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"Human Observations – Grand Central Station, Continued" Photography Exhibition by Maria Antonietta Mameli

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"Human Observations – Grand Central Station, Continued" Photography Exhibition by Maria Antonietta Mameli
Curated by: Renato Miracco

1161 Amsterdam Avenue
New York, NY 10027
October 29th, 2014 - November 25th, 2014
Opening: October 29th, 2014 6:00 PM - 8:00 PM

QUICK FACTS
WEBSITE:  
http://italianacademy.columbia.edu/
NEIGHBORHOOD:  
harlem
EMAIL:  
aj211@columbia.edu
PHONE:  
2128548942
SCHOOL ASSOCIATION:  
Columbia University
TAGS:  
modern, traditional, digital, photography, installation, conceptual

DESCRIPTION

Photographer Maria Antonietta Mameli’s new series, Grand Central Station, Continued is inspired by the recent 100th anniversary of Grand Central Terminal. The artist had already completed a photographic series set in Grand Central in 2008, but news in 2012 of the impending centennial celebrations galvanized her into  a second foray of  “capturing on camera the very busy New Yorkers and tourists, who every day have the good fortune to cross this amazing space full of light and energy.”

 

For years Mameli’s work has focused on New Yorkers in motion. Her figures, generally seen from a distance, have often been shown as black silhouettes on a flat, white ground from which natural surroundings have been digitally removed.  In Grand Central Station, Continued, Mameli’s tiny figures are lit as if by a centrally placed light source, illuminating some features of her subjects and obscuring others. The surrounding inky darkness suggests the vast stretches of moody commuter tunnels and passageways emanating through and beyond Grand Central. “One of the artist’s hallmarks” writes curator Renato Miracco “is her ability to give voice to silence, to barely lit faces, to emptiness and our urban surroundings.”  The photographs evoke the experience of watching a theatrical performance—or of the equally theatrical effects of observing human figures as they move through the darkness and light of a medieval European church. “These photos are not fiction”, writes Miracco, “nor are they romanticized tales.  They are historical documents because the people, the events and emotions they depict are real and tell true stories.”  Miracco suggests that the photos have a neorealist “gaze” that “isn’t passive or mimetic, nor is it neutral.  On the contrary, it is an inclusive and comprehensive gaze which aims at embracing the chosen spot in its fullness and at the same time, creating a world where one can almost sense a parallel reality where daylight is precious and nights are dark and shrouded in mystery.”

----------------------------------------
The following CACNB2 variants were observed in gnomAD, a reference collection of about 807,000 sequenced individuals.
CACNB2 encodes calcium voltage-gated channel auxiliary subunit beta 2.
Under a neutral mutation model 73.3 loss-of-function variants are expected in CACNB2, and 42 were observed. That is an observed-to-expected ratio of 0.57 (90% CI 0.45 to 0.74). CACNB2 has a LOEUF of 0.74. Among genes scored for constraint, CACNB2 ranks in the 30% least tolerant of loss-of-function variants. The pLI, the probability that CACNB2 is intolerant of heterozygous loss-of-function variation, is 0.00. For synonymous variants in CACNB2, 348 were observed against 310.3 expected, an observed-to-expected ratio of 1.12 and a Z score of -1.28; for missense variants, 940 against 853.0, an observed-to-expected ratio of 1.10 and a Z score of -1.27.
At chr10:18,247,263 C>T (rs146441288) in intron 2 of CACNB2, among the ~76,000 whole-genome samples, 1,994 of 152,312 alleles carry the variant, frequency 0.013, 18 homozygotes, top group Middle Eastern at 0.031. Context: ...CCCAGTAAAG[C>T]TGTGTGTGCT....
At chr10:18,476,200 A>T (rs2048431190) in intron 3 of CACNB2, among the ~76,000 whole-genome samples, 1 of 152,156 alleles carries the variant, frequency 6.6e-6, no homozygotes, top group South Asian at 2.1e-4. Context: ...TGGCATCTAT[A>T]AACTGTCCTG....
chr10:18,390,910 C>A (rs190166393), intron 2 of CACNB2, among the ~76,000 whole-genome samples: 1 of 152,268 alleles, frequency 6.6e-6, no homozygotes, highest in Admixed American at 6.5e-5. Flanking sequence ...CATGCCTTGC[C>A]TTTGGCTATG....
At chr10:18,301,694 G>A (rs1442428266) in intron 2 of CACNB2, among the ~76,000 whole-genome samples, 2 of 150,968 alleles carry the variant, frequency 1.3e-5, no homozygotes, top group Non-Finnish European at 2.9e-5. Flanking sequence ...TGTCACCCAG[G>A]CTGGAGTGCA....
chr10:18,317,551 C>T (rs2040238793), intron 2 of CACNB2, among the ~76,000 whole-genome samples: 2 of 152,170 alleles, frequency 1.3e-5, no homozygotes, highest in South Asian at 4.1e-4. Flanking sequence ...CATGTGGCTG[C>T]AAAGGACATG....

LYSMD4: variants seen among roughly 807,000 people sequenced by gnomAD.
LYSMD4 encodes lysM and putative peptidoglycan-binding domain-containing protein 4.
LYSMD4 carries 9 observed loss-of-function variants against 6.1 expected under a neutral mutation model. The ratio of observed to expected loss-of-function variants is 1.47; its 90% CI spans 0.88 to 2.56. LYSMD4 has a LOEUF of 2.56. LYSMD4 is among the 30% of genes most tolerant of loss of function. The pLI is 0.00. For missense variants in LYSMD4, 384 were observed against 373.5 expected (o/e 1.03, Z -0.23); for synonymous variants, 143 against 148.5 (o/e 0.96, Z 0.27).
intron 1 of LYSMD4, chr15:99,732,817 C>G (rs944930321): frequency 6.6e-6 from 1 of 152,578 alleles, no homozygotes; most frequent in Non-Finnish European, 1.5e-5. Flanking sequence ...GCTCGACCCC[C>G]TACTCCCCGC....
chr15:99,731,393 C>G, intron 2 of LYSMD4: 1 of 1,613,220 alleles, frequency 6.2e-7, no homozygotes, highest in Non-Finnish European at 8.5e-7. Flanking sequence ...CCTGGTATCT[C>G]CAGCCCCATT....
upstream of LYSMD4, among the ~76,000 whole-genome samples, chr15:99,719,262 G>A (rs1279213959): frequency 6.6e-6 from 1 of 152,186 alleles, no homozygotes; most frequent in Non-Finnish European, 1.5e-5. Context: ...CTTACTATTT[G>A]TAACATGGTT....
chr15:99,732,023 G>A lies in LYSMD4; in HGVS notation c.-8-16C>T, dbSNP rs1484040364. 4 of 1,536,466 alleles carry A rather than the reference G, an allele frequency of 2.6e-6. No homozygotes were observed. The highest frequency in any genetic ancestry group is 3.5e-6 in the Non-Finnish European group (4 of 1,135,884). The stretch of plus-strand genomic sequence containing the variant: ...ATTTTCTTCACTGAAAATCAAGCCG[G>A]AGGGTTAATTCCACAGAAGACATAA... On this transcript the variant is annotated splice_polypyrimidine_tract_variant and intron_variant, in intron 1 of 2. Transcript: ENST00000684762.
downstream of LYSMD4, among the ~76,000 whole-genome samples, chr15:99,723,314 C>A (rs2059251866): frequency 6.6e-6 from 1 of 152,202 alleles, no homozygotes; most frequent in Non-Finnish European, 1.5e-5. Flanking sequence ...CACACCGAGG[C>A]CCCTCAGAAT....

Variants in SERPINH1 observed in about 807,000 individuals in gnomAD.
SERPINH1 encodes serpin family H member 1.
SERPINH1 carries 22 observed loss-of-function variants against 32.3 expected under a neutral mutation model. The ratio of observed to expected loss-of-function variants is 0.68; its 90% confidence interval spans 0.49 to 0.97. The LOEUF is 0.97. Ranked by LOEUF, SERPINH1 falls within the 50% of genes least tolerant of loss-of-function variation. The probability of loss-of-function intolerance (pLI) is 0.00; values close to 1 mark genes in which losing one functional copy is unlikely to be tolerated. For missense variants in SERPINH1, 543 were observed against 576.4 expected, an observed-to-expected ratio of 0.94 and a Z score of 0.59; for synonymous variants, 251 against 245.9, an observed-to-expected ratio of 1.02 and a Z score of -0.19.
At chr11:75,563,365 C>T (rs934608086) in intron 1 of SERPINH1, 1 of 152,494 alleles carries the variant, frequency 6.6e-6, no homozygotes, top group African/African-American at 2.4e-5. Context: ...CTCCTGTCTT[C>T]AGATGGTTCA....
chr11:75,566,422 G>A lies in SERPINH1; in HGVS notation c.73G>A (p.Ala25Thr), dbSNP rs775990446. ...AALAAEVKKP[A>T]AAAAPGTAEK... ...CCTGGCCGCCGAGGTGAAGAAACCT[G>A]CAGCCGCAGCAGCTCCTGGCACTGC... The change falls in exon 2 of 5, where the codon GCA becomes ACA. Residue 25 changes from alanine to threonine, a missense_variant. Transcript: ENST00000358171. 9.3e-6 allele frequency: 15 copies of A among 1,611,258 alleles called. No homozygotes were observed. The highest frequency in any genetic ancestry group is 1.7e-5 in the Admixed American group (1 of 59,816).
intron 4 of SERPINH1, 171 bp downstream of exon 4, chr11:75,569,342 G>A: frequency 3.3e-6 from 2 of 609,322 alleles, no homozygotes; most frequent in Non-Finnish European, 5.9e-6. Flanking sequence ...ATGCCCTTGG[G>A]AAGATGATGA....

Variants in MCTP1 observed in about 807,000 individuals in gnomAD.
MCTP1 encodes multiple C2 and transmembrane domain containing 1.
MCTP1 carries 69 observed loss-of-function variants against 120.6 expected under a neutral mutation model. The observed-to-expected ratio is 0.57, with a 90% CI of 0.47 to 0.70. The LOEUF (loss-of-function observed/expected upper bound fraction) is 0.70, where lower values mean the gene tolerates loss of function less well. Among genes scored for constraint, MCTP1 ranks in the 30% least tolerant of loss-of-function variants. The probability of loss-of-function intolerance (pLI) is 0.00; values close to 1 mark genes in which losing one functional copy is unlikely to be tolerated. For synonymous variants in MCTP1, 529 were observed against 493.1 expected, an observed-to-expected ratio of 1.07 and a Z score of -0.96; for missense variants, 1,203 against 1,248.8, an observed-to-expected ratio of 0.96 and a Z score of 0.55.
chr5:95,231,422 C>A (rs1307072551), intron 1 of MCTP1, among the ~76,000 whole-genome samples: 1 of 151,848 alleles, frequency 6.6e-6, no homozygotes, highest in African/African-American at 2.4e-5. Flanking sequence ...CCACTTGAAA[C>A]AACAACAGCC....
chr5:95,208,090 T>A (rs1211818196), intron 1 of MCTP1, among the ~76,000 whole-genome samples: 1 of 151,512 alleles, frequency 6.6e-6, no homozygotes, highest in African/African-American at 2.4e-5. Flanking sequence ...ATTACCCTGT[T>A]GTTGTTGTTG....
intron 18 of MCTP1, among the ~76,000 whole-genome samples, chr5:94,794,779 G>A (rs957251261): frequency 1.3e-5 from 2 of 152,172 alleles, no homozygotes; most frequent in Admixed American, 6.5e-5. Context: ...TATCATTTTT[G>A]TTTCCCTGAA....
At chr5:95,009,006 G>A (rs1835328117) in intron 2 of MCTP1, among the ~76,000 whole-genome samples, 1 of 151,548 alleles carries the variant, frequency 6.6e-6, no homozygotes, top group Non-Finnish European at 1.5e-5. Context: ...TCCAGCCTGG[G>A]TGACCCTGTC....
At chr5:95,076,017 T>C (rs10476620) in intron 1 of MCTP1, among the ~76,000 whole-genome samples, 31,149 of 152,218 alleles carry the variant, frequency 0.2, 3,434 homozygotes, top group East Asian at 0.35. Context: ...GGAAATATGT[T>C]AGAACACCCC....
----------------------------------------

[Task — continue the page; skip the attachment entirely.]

In her artist's statementMameli says “By cutting everything off, I remove every possible element of distraction to focus on reality and surrounding emotional life through a telescope, so that space and time become non-existent. By reducing the subjects to minimal size, I force the viewer to get closer to my work not only physically, but also emotionally. I created my aesthetic space where the facets of the human condition are under the sharp scrutiny of my lenses.”